$response = $this->call(self::DO_AUTHORIZATION, $request);
        $this->_importFromResponse($this->_paymentInformationResponse, $response);
        $this->_importFromResponse($this->_doAuthorizationResponse, $response);

        return $this;
    }
}

Our chief concern was with what are known as reference transactions, as this is the key tokenization feature of the PayPal API that makes our version of “saved credit cards” work. As it turned out, we were quite fortunate in regard to the direct API at least, because reference transactions were a required component of a feature the core integration already supported: billing agreements.

Delighted to find a callDoReferenceTransaction method defined on the API class already, we merely needed to set the right properties and call it from within our payment method class:

class CLS_Paypal_Model_Paypal_Stored_Customerstored_Direct extends CLS_Paypal_Model_Paypal_Direct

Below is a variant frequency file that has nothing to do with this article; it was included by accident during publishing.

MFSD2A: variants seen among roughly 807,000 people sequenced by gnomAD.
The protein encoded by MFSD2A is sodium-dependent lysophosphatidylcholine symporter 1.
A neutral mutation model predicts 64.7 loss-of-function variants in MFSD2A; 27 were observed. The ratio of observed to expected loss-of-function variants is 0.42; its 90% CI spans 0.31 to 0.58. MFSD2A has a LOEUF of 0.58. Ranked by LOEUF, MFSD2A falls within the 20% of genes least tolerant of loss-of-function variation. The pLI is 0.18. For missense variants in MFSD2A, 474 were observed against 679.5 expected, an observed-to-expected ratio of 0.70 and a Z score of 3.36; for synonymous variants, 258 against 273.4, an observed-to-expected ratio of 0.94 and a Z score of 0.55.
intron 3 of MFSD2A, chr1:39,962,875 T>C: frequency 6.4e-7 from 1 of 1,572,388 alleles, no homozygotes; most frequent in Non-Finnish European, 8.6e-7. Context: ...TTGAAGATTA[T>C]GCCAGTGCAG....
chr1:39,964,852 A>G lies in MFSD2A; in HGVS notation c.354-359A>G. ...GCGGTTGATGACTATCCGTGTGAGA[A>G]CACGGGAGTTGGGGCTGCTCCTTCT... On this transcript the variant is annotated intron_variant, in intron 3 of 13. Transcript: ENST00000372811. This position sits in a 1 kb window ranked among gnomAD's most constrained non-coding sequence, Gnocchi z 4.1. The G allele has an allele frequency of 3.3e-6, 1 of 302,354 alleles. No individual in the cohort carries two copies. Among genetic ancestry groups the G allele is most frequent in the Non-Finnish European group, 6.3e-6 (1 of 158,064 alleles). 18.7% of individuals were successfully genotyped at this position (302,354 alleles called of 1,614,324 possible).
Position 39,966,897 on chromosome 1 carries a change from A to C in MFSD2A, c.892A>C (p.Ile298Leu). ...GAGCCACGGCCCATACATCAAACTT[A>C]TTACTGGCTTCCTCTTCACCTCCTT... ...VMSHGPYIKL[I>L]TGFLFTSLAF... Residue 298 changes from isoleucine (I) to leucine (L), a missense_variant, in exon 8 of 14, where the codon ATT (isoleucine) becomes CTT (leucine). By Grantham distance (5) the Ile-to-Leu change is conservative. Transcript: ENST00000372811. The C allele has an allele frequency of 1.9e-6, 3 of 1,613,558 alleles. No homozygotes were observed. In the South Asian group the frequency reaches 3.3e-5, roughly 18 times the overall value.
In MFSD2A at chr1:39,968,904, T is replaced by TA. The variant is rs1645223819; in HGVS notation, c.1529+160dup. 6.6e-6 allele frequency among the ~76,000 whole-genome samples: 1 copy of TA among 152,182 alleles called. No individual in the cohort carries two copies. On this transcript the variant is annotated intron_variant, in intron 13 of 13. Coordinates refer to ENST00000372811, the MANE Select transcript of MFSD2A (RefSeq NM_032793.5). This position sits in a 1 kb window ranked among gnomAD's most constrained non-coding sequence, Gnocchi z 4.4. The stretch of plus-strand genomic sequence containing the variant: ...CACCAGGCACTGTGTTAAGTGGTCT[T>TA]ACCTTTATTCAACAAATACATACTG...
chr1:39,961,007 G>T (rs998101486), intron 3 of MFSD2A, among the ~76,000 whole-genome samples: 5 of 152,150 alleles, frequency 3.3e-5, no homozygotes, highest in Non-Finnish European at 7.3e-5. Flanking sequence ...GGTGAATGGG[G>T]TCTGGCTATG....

{
	//...

    protected function _placeOrder(Mage_Sales_Model_Order_Payment $payment, $amount)
    {
        // Get Reference ID
        $paymentStoredCardId = $this->getInfoInstance()->getData('stored_card_id');
        $referenceId = null;

        if ($paymentStoredCardId) {
            $storedCardModel = Mage::getModel('cls_paypal/customerstored')->load($paymentStoredCardId);
            if ($storedCardModel->getId()) {
                $referenceId = $storedCardModel->getData('transaction_id');
            }
        }

        //...

        $order = $payment->getOrder();

        $api = $this->_pro->getApi()
            ->setReferenceId($referenceId)
            ->setPaymentAction($this->getConfigData('payment_action'))
            ->setIpAddress(Mage::app()->getRequest()->getClientIp(false))

            ->setAmount($amount)
            ->setCurrencyCode($order->getBaseCurrencyCode())
            ->setInvNum($order->getIncrementId())
            ->setEmail($order->getCustomerEmail());

        //...

        // call api and import transaction and other payment information
        $api->callDoReferenceTransaction();
        $this->_importResultToPayment($api, $payment);

        //...

        return $this;
    }

}

We anticipated more work for the PayFlow based solutions, but even here things remained fairly simple. The PayFlow API does not, in fact, expect an explicit method name among request parameters. A reference transaction is performed merely by including an ORIGID value in addition to the transaction type (authorization or capture, for instance).